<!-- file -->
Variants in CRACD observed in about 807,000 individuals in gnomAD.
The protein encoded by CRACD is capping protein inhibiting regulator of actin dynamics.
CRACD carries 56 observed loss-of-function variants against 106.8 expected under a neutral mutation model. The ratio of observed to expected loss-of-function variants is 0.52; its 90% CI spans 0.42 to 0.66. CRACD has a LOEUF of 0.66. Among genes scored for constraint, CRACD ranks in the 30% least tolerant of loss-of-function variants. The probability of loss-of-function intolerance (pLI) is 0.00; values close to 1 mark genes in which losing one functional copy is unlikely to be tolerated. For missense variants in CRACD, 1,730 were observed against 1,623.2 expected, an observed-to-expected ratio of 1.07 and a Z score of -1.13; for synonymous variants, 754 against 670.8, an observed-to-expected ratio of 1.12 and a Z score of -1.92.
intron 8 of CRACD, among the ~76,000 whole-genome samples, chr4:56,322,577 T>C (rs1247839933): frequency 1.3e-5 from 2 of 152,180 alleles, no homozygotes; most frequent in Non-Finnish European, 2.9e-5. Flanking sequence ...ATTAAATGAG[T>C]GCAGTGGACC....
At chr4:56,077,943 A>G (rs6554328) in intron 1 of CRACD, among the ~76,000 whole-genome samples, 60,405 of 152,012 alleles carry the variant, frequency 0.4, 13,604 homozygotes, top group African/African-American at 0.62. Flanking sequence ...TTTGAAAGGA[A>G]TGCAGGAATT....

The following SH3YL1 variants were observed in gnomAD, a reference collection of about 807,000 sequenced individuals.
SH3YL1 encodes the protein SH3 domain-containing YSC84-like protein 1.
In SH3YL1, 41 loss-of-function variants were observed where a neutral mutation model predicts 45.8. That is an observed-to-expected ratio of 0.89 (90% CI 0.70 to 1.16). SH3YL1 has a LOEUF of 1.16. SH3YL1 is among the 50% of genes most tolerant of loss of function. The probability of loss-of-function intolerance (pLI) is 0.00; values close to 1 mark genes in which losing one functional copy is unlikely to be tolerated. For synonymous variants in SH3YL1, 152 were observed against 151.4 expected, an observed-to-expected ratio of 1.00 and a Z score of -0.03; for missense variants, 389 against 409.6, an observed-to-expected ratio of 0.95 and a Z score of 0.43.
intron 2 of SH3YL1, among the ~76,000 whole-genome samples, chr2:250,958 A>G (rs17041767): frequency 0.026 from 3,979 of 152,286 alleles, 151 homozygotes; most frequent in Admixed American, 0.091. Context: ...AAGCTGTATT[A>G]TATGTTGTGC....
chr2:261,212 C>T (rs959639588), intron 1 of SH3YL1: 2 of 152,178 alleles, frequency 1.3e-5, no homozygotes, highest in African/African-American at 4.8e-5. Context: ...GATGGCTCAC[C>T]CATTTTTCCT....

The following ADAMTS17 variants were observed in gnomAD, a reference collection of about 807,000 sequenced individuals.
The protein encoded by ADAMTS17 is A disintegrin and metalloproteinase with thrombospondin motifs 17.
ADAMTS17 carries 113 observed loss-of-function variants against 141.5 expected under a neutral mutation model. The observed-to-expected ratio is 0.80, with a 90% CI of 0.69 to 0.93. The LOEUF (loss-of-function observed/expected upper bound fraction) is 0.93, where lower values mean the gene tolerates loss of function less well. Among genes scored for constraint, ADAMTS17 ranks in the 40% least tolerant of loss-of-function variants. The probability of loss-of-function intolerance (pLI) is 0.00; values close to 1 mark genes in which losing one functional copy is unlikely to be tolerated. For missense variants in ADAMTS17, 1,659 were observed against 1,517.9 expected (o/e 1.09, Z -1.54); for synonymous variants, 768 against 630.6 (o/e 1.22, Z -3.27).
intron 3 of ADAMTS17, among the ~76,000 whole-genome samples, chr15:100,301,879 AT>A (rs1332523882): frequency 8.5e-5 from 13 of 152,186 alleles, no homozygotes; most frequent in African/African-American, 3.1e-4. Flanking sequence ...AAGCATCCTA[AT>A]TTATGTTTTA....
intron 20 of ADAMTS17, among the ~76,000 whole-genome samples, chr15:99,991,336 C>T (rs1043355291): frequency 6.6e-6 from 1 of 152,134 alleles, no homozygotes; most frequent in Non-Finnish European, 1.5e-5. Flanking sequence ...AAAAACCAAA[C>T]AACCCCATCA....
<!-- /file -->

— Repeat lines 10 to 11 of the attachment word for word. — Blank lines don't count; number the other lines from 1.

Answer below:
chr2:261,212 C>T (rs959639588), intron 1 of SH3YL1: 2 of 152,178 alleles, frequency 1.3e-5, no homozygotes, highest in African/African-American at 4.8e-5. Context: ...GATGGCTCAC[C>T]CATTTTTCCT....

The following ADAMTS17 variants were observed in gnomAD, a reference collection of about 807,000 sequenced individuals.